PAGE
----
I know what you’re thinking…“What the heck is the Open Graph Protocol?”  Don’t panic, it isn’t as complicated as you might think.  Follow the steps below to add the Like/Send Buttons it to your website.

To use Open Graph protocol, follow the following steps

 Step1: Add following tag just before the <head> tag on your web page:
<html xmlns=”http://www.w3.org/1999/xhtml” xml:lang=”en” xmlns:og=”http://opengraphprotocol.org/schema/” xmlns:fb=”http://www.facebook.com/2008/fbml”>

Step2: Add following open graph protocol meta tags in the head section (<head>…</head>) of your web page:
<meta property=”og:title” content=”Enter title of your web page here“/>
<meta property=”og:type” content=”article”/>
<meta property=”og:url” content=”Enter the URL of your web page here“/>
<meta property=”og:image” content=”Enter image URL which represent your object here“/>
<meta property=”fb:admins” content=”Enter your facebook user ID here“/>
<meta property=”og:site_name” content=”Enter the name of your website here“/>
<meta property=”og:description” content=”Enter one or two sentence description of your web page here“/>

Step3: Once you have added your special meta tags, you can now add the code of ‘like’ button into the body section (<body>..</body>) of your web page. You’ll need to include the JavaScript SDK on your page once, ideally right after the opening <body> tag. (Copy this from the top box of the “Your Like Button plugin code:”)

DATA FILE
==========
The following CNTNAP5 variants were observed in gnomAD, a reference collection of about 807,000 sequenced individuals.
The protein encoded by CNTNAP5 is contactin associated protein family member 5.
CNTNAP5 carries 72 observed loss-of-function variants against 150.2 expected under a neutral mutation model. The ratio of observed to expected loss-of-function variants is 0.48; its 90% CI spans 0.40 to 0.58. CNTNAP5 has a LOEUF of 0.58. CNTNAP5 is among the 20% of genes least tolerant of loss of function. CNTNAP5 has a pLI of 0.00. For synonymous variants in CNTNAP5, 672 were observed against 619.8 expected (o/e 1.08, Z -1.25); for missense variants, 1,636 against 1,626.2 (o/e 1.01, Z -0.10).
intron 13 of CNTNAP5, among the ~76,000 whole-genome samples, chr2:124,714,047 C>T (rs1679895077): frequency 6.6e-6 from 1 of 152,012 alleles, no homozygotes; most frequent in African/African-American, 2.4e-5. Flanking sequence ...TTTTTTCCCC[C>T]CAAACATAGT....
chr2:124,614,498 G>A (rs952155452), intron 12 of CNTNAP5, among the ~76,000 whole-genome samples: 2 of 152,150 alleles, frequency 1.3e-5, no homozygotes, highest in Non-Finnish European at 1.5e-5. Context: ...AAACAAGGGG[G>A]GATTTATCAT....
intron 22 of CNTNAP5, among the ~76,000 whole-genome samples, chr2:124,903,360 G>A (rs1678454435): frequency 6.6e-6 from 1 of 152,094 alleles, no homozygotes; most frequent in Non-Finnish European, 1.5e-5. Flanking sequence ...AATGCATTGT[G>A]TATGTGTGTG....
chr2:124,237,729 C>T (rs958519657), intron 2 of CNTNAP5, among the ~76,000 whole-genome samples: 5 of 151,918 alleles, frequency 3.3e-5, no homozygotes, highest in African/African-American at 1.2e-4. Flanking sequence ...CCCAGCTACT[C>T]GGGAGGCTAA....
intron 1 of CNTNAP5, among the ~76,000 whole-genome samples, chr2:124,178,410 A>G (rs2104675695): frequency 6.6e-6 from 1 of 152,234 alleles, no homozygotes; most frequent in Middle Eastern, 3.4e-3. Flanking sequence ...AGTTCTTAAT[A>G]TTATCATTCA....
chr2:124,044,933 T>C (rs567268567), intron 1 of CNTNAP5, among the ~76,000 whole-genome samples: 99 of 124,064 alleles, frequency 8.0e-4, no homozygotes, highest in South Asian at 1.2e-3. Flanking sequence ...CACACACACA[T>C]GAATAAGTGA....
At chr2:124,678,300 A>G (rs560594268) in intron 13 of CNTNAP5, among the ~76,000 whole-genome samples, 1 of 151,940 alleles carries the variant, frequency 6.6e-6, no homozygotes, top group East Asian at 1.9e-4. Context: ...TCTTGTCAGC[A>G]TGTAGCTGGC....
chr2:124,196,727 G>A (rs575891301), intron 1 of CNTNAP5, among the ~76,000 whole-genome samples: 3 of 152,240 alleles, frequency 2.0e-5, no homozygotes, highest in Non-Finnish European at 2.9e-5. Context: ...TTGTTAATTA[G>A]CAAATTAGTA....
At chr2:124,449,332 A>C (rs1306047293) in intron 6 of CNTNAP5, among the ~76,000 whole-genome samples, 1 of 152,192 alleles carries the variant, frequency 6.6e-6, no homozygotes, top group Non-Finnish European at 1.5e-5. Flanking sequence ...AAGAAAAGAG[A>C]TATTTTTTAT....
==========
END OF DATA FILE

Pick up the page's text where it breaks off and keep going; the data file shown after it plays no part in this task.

It should look something like this:
<div id="fb-root"></div>
<script>(function(d, s, id) {
  var js, fjs = d.getElementsByTagName(s)[0];
  if (d.getElementById(id)) {return;}
  js = d.createElement(s); js.id = id;
  js.src = "//connect.facebook.net/en_US/all.js#xfbml=1";
  fjs.parentNode.insertBefore(js, fjs);
}(document, 'script', 'facebook-jssdk'));</script>

At first blush all this sounds like a lot of work, but once you have done it even once, it takes less than 5 minutes.  Just make sure you dot all the I’s and cross all the t’s. You'll know right away if you have left something out of the equation, since the plugin will not display.   If you want to see what the finished product looks like, go to my blog at http://jacksonville-video-production.com/onlinetv.html  By right clicking and hitting “View Page Source” you can see what you need to include to get the buttons up and running.

Why should you add the Like/Send Buttons?   

This is a great way to increase your distribution with the click of a mouse. Whenever a Facebook user visits your site and clicks on the button, a link to your page will automatically be added to their activity stream. This also means that all of their friends can see and click on it which will send them to your page. Better still, when the friend arrives, the Like button shows which of their friends have already clicked it, and when they click on it, a link to your page gets added to their stream.

When someone Likes your page, it does more than just pass the link around. For instance, if you are an author touting a book and  I go to your fanpage and “Like” your book, Facebook will add a link to your book’s website in my profile. If I keep a list of my favorite books in my Facebook profile, a link to your website will be added there.